Veteran journalist and novelist, Fred Khumalo, says the aim of his latest book “the Longest March” is to unearth the forgotten history of Zulu migrant workers.

He penned the story of seven thousand Zulu mine workers who walked from Johannesburg to their homes in Natal at the start of the Anglo Boer War.

Khumalo retraced their 500 kilometre journey from Johannesburg to Ladysmith, where he was honoured with the Freedom of the City.

“On the mines they had boys, had a category of boys called Omakotshana, small brides, these boys during the concert called ihlahla or a concert on the mines would be dressed like women. They would put any kind of thing that would look like breasts, they would look like girls because the men wanted them to look like girls. They would be treated like ladies, would be given sweets…”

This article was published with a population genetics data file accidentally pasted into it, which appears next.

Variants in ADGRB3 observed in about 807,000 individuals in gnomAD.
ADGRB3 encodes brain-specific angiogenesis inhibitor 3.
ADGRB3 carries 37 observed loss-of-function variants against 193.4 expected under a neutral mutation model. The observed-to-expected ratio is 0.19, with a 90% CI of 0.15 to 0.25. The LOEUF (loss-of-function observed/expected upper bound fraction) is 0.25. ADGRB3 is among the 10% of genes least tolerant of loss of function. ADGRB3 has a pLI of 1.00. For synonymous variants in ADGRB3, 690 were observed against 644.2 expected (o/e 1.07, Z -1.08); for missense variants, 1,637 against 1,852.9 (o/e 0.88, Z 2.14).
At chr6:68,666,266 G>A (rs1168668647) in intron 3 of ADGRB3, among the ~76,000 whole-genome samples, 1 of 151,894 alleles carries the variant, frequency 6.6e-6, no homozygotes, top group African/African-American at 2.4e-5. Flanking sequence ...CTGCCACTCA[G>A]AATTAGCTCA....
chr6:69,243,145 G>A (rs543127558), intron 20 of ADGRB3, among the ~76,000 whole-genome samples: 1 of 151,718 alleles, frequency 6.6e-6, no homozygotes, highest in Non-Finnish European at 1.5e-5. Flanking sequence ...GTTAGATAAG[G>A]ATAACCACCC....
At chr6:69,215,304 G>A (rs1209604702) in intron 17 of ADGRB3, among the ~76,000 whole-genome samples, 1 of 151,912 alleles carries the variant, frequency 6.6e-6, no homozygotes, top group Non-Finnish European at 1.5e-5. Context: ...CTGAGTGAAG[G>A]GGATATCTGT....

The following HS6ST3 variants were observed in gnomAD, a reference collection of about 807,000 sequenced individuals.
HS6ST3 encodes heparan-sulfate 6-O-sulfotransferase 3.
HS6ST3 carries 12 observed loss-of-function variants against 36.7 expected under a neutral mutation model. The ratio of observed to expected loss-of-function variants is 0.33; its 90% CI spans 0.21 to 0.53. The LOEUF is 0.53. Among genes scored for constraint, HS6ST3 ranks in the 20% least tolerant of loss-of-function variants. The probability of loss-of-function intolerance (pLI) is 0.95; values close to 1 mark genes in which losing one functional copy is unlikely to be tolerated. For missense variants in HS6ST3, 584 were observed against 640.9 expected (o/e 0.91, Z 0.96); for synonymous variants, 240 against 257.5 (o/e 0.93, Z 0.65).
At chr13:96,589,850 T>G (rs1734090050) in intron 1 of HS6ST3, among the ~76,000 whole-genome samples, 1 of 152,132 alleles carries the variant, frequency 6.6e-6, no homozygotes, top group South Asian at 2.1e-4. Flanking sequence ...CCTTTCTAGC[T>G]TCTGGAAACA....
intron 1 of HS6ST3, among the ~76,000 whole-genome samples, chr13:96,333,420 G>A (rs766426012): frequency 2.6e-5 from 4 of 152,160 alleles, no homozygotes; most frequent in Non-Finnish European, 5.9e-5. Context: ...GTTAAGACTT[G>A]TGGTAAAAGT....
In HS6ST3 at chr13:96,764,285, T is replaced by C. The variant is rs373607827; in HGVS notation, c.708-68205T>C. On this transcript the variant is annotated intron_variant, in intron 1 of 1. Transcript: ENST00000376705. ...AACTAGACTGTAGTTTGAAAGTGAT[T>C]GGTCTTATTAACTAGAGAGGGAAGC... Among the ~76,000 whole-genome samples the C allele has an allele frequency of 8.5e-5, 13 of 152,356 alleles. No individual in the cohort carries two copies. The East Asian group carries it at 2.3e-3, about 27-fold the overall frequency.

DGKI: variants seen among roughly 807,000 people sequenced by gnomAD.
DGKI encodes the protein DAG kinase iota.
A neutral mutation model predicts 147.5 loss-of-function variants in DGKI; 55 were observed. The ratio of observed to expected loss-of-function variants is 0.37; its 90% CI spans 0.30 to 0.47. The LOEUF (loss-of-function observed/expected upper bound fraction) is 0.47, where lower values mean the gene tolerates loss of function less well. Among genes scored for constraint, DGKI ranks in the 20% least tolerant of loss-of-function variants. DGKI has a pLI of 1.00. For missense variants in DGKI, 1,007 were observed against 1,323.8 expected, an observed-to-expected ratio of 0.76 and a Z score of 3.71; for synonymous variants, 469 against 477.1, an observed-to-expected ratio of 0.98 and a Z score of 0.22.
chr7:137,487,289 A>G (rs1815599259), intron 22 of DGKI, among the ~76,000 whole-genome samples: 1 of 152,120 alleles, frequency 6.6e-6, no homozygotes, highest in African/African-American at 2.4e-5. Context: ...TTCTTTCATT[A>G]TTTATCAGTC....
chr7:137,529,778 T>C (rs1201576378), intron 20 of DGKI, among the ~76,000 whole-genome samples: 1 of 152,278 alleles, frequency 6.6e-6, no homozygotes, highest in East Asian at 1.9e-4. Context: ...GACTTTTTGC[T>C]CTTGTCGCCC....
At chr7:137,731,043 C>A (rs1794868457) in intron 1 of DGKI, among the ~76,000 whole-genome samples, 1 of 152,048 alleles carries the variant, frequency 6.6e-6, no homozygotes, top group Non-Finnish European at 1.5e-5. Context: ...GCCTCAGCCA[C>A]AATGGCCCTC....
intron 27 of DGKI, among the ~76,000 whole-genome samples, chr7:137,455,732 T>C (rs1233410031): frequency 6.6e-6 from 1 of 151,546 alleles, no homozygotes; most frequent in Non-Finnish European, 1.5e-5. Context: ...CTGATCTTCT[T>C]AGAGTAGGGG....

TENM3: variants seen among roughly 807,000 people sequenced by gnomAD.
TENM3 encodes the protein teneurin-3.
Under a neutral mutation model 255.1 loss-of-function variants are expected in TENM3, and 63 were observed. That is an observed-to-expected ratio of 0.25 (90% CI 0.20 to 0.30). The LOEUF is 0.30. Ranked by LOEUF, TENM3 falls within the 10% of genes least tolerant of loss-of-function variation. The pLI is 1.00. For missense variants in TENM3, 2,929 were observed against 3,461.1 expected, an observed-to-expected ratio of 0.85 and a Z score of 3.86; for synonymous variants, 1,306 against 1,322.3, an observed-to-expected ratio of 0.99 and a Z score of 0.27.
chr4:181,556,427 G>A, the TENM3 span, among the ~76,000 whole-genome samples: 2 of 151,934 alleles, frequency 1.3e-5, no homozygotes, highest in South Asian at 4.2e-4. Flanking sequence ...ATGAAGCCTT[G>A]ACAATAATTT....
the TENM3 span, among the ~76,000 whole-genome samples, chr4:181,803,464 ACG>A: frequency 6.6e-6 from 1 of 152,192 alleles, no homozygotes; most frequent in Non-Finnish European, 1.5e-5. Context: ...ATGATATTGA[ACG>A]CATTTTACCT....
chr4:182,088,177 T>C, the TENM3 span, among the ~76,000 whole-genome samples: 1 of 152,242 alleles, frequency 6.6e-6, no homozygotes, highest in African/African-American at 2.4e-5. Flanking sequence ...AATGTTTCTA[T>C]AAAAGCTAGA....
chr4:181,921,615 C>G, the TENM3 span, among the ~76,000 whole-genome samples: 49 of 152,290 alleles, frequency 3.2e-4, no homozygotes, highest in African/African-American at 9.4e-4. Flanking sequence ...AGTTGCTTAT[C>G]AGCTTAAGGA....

But in 1899 tensions between the Afrikaners and British escalated and the gold mines shut down. Seven thousand Zulu migrant workers made their way home on foot.

“I felt it’s one of those very important stories which have been hidden for political expediency or other reasons that are not explained so I took it as my responsibility as a storyteller, as a journalist, as a novelist to uncover that hidden pocket about his room and bring it into the public domain,” says Khumalo.

Khumalo says the book will soon be translated into isiZulu.